Astronomy Picture of the Day
January 17, 2013

Tohil Mons and surroundings
Tohil Mons and surroundings

Credits: NASA/JPL/Univ. of Arizona - Galileo Project - Credits for the additional process. and color.: Dr Paolo C. Fienga/Lunar Explorer Italia/IPF

Dramatic shadows extending across a Mountainous Landscape on Jupiter's volcanic moon Io reveal extremely interesting details of the topography around a Peak named Tohil Mons, well visible in the center of this mosaic created from images taken by the NASA - Galileo Spacecraft in October 2001.

According to the analysis carried out on stereo imaging of this relief (which has been pictured several times by Galileo during a few earlier Fly-Bys of Io), Tohil Mons rises approx. 5,4 Km (such as about 18.000 feet) above Io's Surface. However, the best images of Tohil Mons, with a resolution of 327 meters (such as 1070 feet) per picture element, were taken when the Sun was low in the Sky of Io, and therefore fit to produce "informative" shadows. North is toward the top of the mosaic and the Sun illuminates the Surface from the upper right. The various Topographic Features visible in the mosaic include a relatively straight Ridge extending South/West from the Peak, approx. 500- to 850-meters-high (such as about 1640- to 2790-foot-high); several Cliffs to the North/West and a bizarre-looking Pit (probably, in our opinion, as IPF, a small Collapse Pit OR - and we say most likely - just an optical/visual illusion, caused by the presence of a very dark and unusually shaped shadow!) that is located immediately to the East of the Peak.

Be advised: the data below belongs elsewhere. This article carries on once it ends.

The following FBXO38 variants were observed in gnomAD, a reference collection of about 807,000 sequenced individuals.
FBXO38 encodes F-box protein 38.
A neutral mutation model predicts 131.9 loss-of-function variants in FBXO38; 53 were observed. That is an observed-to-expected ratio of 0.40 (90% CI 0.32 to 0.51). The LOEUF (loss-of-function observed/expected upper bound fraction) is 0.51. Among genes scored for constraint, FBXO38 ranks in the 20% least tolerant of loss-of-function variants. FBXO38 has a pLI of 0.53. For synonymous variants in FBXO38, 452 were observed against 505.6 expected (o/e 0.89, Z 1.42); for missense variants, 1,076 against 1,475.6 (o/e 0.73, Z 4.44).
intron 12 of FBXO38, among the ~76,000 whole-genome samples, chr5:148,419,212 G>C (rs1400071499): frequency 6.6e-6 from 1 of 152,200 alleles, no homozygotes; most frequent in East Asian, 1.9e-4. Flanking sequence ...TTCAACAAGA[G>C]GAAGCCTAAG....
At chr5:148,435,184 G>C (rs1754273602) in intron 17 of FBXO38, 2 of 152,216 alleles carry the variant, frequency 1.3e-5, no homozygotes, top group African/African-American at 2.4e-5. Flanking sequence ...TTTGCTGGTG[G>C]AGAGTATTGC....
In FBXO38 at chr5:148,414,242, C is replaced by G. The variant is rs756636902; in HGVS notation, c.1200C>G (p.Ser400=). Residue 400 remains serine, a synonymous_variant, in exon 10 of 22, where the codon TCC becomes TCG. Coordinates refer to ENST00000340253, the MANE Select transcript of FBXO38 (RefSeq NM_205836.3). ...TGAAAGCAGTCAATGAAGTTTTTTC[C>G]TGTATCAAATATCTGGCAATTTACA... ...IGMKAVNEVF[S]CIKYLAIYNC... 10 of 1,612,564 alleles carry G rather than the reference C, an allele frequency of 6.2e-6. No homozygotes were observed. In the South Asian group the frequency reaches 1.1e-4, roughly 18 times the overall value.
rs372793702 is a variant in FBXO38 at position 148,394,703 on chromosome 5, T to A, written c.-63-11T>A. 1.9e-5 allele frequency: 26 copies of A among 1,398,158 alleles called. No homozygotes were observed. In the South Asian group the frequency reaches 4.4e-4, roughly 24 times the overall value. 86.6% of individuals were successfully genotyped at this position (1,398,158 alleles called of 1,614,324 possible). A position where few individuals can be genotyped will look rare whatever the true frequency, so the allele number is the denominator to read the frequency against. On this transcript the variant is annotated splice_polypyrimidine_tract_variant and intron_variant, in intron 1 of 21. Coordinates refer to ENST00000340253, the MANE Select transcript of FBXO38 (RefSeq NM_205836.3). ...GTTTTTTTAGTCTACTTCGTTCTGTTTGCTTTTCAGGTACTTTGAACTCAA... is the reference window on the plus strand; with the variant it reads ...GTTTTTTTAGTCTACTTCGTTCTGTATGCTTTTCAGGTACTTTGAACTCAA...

Major questions remain about how Io's Mountains formed and how they are related to Io's ubiquitous Volcanoes. In fact, although Io - as you know - is more than extremely active volcanically, just a few of its Mountains appear to be actual Volcanoes. However, two Volcanic Craters (---> Calderae) do lie directly to the North/East of Tohil's Peak: a smaller dark-floored one, and a larger one at the very edge of the mosaic. Furthermore, the shape of the Pit located directly to the East of the Peak, also suggests a possible (and plausible) Volcanic Origin. Galileo Scientists used these images to investigate the Geologic History of Tohil Mons and its relationship to its neighboring Volcanic Features but, so far, no major insights have been reached about this topic. The image-mosaic is centered at 28° South Latitude and 161° West Longitude.

This picture (which is an Original NASA - Galileo Orbiter b/w image mosaic published on the NASA - Planetary Photojournal with the ID n. PIA 03600) has been additionally processed and then colorized in Absolute Natural Colors (such as the colors that a human eye would actually perceive if someone were onboard the NASA - Galileo Orbiter and then looked down, towards the Surface of the Jovian moon Io), by using an original technique created - and, in time, dramatically improved - by the Lunar Explorer Italia Team. Different colors, as well as different shades of the same color, mean, among others, the existence of different Elements present on the Surface of Io, each having a different Albedo (---> Reflectivity) and Chemical Composition.



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